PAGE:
I am an unabashed fan of The Baby-Sitter's Club and I am definitely not alone. It's no secret that Ann M. Martin's classic series was hugely popular in the '80s and '90s, and for good reason. The series followed Kristy, Claudia, Mary-Anne, Stacy, and Dawn, friends and classmates who decide to start their own small business babysitting the kids in and around their neighborhood. The series produced hundreds of books, and thousands of fans who are still as passionate as ever about the girls of Stoneybrook.
Enter Apple Juice Productions, founded by Amanda Taylor. Taylor, who studied to be an entertainment journalist before deciding to act on her lifelong passion for filmmaking, has taken the literary characters we all know and love and reimagined them as modern-day millennials in the web series, Stoneybrook, Revisited.
"It came about in kind of a funny way. We were talking about '90s nostalgia and how could we tap into that and I said, 'You know what I really loved? The Baby-Sitters Club,'" Taylor tells Bustle. "It was an easy sell. It's a lot of cool women, doing cool stuff, they created a company... it was something all of us at Apple Juice Productions could identify with."
And it's not hard to see why. Apple Juice Productions is run exclusively by women, including Taylor, producer and publicist Chelsey Saatkamp, and director of photography and editor Kailee Brown. Stoneybrook, Revisited also has all all-female cast and crew, including Taylor's co-screenwriter Rebecca Frost. Their mission — to create content "for fangirls, by fangirls" — was one that happened organically.
"I have two sisters, and no brothers, and have often just found myself surrounded by women, and I think that's pretty awesome," Taylor says. "So I thought, why not continue the trend? It's easy for me as a personality to convince a bunch of ladies to make something cool together."
But while settling on this overarching mission for the company came naturally, executing it is something the team strives for in every single project... and not without some pushback.
"We wanted to be more intentional about it. We wanted to make sure we were giving these opportunities to women," Taylor says. "But there are many times when we're looking for a female director or a female gaffer and we'll get men responding to the post with 'Well, I'm not a woman, but...' and the first requirement was to have a female gender identity!"
But Taylor and the team are focused on their dream of creating more great content for a by women, and they went above and beyond in making sure this was the case for Stoneybrook, Revisited... in more ways than one. Fans of the original series will remember that the girls each had very individual personalities, but there wasn't necessarily a lot of diversity within the crew. And while Apple Juice Productions stuck close to canon in their casting, it is refreshing to see the characters brought to life with diverse body types, styles, and even sexual orientations.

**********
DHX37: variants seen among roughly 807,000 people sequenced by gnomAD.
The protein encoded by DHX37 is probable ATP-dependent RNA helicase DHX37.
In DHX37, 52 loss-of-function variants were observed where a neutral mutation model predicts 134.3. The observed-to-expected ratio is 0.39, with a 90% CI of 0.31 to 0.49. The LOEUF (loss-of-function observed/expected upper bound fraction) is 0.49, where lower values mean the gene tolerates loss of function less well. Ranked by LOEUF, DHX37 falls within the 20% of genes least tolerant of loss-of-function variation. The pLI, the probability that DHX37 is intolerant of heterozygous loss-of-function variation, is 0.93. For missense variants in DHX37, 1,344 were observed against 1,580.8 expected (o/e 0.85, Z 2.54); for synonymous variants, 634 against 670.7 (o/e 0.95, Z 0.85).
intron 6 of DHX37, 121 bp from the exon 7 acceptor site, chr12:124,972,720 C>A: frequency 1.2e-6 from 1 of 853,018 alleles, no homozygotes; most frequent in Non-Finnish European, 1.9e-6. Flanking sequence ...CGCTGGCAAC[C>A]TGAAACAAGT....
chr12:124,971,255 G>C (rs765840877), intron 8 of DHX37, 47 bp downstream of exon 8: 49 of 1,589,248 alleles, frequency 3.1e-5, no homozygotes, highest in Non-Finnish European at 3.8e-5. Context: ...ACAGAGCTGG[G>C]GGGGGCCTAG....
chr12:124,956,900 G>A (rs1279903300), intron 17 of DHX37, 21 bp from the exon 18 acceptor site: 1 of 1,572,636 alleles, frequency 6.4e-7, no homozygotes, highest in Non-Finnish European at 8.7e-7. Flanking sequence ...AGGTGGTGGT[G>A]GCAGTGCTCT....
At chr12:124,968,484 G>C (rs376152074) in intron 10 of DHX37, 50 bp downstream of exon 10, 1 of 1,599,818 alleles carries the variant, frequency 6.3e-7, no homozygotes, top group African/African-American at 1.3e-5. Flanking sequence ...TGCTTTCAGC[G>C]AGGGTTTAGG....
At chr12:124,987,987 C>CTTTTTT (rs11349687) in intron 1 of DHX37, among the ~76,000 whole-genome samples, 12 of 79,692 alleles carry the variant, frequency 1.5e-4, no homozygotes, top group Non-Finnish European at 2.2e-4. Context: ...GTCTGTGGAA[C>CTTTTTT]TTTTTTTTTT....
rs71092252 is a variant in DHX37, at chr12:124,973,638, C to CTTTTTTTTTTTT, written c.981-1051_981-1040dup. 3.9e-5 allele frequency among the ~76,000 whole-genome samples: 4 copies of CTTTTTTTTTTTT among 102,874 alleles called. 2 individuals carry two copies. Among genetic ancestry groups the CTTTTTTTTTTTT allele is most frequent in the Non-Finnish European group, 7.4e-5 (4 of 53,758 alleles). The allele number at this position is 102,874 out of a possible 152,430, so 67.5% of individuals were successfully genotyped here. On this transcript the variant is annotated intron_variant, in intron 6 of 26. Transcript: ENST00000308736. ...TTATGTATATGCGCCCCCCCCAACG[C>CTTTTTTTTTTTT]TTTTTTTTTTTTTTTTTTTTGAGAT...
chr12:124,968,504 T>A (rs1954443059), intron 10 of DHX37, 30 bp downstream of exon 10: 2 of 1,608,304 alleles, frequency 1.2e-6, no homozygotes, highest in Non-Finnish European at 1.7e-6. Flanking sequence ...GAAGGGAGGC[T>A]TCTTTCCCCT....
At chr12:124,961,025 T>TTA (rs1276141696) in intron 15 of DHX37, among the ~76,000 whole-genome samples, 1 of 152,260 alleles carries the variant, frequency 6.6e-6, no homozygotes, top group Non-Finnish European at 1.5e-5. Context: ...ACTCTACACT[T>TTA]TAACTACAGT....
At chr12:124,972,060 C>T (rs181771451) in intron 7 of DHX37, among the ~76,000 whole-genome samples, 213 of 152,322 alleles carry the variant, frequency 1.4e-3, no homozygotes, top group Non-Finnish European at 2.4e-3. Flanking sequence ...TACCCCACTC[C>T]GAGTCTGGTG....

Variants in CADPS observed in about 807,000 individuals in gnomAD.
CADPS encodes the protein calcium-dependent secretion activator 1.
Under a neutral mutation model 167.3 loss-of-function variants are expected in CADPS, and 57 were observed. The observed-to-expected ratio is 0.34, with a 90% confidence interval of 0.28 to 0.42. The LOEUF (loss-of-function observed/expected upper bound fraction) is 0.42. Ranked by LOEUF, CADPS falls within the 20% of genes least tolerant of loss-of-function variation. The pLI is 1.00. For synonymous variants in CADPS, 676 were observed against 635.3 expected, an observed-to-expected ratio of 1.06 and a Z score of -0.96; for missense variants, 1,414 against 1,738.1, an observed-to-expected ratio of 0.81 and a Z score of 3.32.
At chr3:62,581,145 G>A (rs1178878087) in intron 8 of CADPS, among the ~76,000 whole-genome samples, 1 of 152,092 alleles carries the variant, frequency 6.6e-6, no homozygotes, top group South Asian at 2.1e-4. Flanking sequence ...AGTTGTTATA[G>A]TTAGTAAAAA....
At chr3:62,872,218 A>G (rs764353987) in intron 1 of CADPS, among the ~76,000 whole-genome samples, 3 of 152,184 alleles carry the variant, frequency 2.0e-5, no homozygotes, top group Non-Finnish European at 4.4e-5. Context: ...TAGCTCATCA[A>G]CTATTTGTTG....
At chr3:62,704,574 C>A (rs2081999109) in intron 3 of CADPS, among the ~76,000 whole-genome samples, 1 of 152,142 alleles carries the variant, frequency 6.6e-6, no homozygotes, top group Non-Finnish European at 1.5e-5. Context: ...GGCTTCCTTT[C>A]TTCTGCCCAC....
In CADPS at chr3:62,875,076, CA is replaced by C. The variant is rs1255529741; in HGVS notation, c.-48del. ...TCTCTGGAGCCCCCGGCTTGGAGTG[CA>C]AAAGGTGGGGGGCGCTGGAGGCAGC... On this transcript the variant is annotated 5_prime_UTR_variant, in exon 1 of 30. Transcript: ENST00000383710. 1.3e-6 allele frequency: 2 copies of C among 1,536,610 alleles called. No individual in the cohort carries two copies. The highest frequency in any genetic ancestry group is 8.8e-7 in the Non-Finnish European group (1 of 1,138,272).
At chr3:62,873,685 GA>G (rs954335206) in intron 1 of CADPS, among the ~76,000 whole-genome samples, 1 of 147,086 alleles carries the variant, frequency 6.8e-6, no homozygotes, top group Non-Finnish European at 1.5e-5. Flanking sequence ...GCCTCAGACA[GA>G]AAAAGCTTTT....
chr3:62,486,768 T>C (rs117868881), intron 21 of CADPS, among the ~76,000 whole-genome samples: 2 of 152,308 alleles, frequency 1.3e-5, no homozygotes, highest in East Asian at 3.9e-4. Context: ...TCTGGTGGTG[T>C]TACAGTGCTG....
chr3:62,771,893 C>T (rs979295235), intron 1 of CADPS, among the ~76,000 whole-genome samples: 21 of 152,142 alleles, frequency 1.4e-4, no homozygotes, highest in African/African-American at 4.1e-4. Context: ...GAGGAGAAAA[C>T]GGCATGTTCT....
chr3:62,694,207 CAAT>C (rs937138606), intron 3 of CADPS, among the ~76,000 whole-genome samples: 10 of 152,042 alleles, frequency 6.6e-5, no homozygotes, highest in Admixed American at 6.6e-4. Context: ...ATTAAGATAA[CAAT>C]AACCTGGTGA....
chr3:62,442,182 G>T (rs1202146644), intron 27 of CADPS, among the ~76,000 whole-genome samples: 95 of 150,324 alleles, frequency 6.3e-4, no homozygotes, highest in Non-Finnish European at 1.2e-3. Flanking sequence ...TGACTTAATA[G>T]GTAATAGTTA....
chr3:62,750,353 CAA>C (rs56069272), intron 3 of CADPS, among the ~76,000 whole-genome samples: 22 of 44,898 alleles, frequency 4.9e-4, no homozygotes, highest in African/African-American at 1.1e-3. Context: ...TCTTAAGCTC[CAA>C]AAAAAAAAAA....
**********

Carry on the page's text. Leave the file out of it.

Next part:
"I have a lot of friends who act, and guess what, they're all human beings who look different," Taylor says. "It was also very important to me... living where we do [in Salt Lake City, Utah] there's not a whole lot of racial diversity. So it would have been easy to cast women of a similar size or hair color, but because we make things for an online audience who are not necessarily from where we live, we want to make sure people are seeing themselves represented."
As for the plot, Taylor counts herself among the biggest of Baby-Sitters Club fans, and she turned to her encyclopedic knowledge of the series, as well as years of stored up theories, to inspire her ideas. She wanted to make sure that Stoneybrook, Revisited stayed true to the original spirit of the series, even while bringing the characters into more modern times.
"There have a been a lot of theories all over the internet, and a lot of what I read was pretty intense, and it got really dark. So I wanted to maintain that Baby-Sitters Club feel where it's a little silly and kind of cute," Taylor says. "We wanted it to maintain that girl power which might seem trite to adults who are like 'That's not real life' but I say, why not? Why can't that be real life?"
That tight knit friendship and feminine power definitely comes through in the new series, which follows each girl individually before the finale Super Special, which brings them all together again. But Taylor and the team didn't shy away from some juicy conflict either, saying, "We wanted them to be individual people dealing with real things, because they've finally aged out of the eighth grade."
Beyond Stoneybrook, Revisited, Apple Juice Productions is also working on a sequel to their popular Lily Evans and the Eleventh Hour, inspired by J.K. Rowling's Harry Potter series, due out on October 31. It shows real growth in production value from their previous work, something Taylor says the team is focusing on moving forward as they experiment and continue to hone their skills. And though, as Taylor says, she and her team are "the bank," shooting their series completely independently, they're not letting that stop them from making their films bigger and better than ever.
"This is worth it to us. It's a great hobby, it's a lot of fun. We want to tell stories, [and] we want to have this feminist approach to making content," Taylor says. "We're a huge team of women who are interested in pop culture and telling interesting stories. It's been such a fun endeavor and its the greatest thing...it's all wish fulfillment for me."